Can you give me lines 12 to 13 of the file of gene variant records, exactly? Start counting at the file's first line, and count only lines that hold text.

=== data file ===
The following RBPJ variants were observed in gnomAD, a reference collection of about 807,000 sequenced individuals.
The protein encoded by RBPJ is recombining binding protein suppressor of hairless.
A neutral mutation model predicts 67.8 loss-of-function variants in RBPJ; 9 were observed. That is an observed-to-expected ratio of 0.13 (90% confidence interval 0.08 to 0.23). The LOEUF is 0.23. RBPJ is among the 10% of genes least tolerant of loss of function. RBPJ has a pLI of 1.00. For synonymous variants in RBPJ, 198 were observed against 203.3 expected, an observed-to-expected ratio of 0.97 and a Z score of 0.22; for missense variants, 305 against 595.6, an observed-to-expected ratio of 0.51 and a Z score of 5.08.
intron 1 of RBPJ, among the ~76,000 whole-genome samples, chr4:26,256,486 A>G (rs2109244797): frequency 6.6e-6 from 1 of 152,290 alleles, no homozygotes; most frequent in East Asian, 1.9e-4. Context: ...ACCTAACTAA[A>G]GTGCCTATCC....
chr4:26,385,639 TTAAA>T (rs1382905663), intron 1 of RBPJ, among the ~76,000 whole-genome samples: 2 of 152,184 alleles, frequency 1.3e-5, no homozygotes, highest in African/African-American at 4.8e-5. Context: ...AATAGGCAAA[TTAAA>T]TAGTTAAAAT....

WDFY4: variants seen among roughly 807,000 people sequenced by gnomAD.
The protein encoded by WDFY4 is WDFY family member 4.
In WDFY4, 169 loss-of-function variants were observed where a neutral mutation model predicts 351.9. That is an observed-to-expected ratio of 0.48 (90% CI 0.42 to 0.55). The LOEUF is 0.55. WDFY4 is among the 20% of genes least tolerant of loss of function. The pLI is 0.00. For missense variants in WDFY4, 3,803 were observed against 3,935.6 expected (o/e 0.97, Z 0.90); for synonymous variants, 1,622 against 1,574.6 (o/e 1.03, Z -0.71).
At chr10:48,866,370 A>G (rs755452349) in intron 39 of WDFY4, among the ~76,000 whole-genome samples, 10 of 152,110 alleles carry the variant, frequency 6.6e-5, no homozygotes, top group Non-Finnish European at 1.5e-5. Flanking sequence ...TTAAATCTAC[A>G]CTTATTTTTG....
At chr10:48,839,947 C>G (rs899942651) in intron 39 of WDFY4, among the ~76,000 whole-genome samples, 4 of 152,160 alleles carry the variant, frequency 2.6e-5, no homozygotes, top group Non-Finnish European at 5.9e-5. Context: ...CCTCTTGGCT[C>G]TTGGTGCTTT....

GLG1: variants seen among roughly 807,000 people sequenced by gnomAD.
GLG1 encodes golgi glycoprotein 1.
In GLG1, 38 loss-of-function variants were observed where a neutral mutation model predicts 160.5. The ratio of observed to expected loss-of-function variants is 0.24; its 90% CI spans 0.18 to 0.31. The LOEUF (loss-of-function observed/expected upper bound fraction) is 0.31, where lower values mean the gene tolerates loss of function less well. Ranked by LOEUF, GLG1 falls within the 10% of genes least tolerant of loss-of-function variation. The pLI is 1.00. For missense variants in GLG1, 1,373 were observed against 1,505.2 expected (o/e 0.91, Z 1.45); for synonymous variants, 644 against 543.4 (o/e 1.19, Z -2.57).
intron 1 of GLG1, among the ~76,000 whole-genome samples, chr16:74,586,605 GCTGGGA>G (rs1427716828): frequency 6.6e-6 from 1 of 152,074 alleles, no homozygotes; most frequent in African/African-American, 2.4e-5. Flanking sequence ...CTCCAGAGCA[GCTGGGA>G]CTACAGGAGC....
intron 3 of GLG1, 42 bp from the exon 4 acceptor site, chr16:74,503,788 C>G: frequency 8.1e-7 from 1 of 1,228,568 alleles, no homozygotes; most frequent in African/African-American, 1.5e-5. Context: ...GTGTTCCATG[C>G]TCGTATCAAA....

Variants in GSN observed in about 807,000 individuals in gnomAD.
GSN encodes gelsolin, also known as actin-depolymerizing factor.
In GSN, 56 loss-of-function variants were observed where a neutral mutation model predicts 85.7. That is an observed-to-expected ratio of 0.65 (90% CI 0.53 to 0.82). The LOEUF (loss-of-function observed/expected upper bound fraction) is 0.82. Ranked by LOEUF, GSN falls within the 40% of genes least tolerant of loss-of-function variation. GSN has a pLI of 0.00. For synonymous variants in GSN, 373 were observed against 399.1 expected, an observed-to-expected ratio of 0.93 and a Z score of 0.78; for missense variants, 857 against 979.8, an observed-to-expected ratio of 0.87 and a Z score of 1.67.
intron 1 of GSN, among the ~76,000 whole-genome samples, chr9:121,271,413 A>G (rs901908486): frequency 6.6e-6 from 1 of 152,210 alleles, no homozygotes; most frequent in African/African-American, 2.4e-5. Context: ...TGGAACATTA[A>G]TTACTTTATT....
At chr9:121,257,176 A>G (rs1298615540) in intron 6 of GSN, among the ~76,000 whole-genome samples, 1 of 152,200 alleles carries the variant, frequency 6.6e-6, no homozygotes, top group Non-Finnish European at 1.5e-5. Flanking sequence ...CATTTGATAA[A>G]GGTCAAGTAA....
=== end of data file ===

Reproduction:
GLG1 encodes golgi glycoprotein 1.
In GLG1, 38 loss-of-function variants were observed where a neutral mutation model predicts 160.5. The ratio of observed to expected loss-of-function variants is 0.24; its 90% CI spans 0.18 to 0.31. The LOEUF (loss-of-function observed/expected upper bound fraction) is 0.31, where lower values mean the gene tolerates loss of function less well. Ranked by LOEUF, GLG1 falls within the 10% of genes least tolerant of loss-of-function variation. The pLI is 1.00. For missense variants in GLG1, 1,373 were observed against 1,505.2 expected (o/e 0.91, Z 1.45); for synonymous variants, 644 against 543.4 (o/e 1.19, Z -2.57).